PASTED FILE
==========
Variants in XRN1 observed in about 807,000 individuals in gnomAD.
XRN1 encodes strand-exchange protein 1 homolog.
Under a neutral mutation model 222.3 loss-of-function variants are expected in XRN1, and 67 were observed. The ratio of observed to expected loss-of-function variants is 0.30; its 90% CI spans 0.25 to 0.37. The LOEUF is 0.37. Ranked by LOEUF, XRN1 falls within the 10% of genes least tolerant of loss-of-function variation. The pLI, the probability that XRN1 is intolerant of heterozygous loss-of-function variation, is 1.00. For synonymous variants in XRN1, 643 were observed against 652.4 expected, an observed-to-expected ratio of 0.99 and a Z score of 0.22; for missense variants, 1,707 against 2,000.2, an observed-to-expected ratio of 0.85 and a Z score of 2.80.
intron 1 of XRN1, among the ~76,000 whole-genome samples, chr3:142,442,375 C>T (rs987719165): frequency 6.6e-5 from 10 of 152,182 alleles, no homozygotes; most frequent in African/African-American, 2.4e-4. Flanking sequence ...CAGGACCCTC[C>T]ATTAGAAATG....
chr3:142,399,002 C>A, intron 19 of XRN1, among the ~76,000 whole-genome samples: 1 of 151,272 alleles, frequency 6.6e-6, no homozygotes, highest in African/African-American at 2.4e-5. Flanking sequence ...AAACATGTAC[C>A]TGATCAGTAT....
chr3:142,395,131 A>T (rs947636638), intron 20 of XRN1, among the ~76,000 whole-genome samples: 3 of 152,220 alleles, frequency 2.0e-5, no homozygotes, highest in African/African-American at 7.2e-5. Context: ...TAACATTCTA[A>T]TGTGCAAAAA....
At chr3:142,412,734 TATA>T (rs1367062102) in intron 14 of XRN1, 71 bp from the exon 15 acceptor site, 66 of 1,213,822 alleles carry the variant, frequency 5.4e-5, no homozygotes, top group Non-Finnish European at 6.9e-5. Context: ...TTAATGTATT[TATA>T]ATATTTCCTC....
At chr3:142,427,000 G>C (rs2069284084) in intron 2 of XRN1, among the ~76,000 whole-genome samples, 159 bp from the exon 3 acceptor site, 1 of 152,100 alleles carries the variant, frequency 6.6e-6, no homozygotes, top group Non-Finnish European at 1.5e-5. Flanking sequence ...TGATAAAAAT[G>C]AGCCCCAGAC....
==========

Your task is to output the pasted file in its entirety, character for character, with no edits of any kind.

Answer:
Variants in XRN1 observed in about 807,000 individuals in gnomAD.
XRN1 encodes strand-exchange protein 1 homolog.
Under a neutral mutation model 222.3 loss-of-function variants are expected in XRN1, and 67 were observed. The ratio of observed to expected loss-of-function variants is 0.30; its 90% CI spans 0.25 to 0.37. The LOEUF is 0.37. Ranked by LOEUF, XRN1 falls within the 10% of genes least tolerant of loss-of-function variation. The pLI, the probability that XRN1 is intolerant of heterozygous loss-of-function variation, is 1.00. For synonymous variants in XRN1, 643 were observed against 652.4 expected, an observed-to-expected ratio of 0.99 and a Z score of 0.22; for missense variants, 1,707 against 2,000.2, an observed-to-expected ratio of 0.85 and a Z score of 2.80.
intron 1 of XRN1, among the ~76,000 whole-genome samples, chr3:142,442,375 C>T (rs987719165): frequency 6.6e-5 from 10 of 152,182 alleles, no homozygotes; most frequent in African/African-American, 2.4e-4. Flanking sequence ...CAGGACCCTC[C>T]ATTAGAAATG....
chr3:142,399,002 C>A, intron 19 of XRN1, among the ~76,000 whole-genome samples: 1 of 151,272 alleles, frequency 6.6e-6, no homozygotes, highest in African/African-American at 2.4e-5. Flanking sequence ...AAACATGTAC[C>A]TGATCAGTAT....
chr3:142,395,131 A>T (rs947636638), intron 20 of XRN1, among the ~76,000 whole-genome samples: 3 of 152,220 alleles, frequency 2.0e-5, no homozygotes, highest in African/African-American at 7.2e-5. Context: ...TAACATTCTA[A>T]TGTGCAAAAA....
At chr3:142,412,734 TATA>T (rs1367062102) in intron 14 of XRN1, 71 bp from the exon 15 acceptor site, 66 of 1,213,822 alleles carry the variant, frequency 5.4e-5, no homozygotes, top group Non-Finnish European at 6.9e-5. Context: ...TTAATGTATT[TATA>T]ATATTTCCTC....
At chr3:142,427,000 G>C (rs2069284084) in intron 2 of XRN1, among the ~76,000 whole-genome samples, 159 bp from the exon 3 acceptor site, 1 of 152,100 alleles carries the variant, frequency 6.6e-6, no homozygotes, top group Non-Finnish European at 1.5e-5. Flanking sequence ...TGATAAAAAT[G>C]AGCCCCAGAC....